Since 2007 our analysis has suggested the likelihood of economic outcomes that most have considered unlikely: significant and ongoing monetary inflation, policy-administered currency devaluation, substantial global price inflation, and an eventual change in how the forty year old global monetary system is structured. Most observers have viewed such outlooks as tail events – highly unlikely, unworthy of serious consideration or a long way off. We remain resolute, and believe last week’s movements in Frankfurt and Washington towards perpetual quantitative easing confirmed and accelerated the validity of our outlook. With QBAMCO's view that $15,000 - $19,000 Gold is possible, timing of the catch-up phase is impossible - though they suspect last week's events may be the catalyst that begins to raise public awareness of the link between monetary inflation and price inflation.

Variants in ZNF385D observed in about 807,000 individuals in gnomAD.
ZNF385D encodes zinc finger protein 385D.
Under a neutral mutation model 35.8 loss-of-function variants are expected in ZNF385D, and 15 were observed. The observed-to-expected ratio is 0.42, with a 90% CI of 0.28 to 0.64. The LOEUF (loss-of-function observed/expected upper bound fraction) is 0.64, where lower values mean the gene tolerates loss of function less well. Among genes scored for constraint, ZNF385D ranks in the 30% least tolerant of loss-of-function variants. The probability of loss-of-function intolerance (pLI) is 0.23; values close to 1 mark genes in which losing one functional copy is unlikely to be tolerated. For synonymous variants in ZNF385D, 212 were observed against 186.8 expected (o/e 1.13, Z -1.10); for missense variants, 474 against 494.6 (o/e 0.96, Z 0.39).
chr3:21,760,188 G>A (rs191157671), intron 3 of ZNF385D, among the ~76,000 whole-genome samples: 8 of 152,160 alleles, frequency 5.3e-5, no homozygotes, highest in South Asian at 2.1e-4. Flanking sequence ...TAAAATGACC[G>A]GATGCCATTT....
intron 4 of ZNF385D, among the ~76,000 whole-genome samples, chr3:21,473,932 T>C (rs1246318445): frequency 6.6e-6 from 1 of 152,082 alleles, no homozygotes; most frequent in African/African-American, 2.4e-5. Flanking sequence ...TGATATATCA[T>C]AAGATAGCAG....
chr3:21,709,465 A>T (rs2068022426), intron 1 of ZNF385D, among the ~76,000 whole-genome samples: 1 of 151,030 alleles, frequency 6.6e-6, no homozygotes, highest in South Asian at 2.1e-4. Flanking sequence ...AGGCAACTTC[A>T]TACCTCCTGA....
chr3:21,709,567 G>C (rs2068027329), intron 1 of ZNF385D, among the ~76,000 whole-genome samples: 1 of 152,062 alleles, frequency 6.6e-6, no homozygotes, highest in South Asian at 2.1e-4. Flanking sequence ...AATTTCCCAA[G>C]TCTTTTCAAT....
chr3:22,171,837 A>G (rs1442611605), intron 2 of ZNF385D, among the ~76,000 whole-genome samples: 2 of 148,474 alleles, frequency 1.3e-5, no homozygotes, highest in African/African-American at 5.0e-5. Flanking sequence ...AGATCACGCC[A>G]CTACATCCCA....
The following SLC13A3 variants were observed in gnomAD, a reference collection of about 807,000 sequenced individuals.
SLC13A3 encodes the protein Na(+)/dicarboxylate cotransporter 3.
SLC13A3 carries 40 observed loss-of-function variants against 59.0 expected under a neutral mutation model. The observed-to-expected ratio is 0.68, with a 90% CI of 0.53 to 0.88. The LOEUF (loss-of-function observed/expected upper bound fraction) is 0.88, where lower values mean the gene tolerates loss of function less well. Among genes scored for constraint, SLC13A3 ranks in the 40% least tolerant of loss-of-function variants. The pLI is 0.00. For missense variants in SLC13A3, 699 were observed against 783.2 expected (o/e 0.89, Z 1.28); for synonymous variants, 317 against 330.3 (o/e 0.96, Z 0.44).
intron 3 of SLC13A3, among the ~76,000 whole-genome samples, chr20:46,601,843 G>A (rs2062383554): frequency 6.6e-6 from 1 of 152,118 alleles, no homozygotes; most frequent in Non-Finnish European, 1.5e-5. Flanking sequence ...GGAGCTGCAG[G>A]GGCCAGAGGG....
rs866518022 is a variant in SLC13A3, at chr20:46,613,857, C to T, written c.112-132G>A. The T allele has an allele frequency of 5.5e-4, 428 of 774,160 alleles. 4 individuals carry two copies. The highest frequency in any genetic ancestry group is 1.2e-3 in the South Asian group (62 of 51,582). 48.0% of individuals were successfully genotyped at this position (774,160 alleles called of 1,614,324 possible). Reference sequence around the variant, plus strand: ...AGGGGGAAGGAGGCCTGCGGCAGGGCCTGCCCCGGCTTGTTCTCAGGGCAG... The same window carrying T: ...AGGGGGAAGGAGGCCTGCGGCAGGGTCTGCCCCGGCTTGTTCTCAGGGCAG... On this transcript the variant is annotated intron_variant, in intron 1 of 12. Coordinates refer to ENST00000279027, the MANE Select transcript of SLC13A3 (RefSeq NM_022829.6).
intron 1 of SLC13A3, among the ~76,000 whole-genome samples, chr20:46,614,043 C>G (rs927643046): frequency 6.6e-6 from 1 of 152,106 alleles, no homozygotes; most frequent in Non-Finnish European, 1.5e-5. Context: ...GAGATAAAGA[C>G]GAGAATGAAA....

Tyler Durden's picture

Guest Post: If You Want to Help the Poor and the Middle Class, Encourage Deflation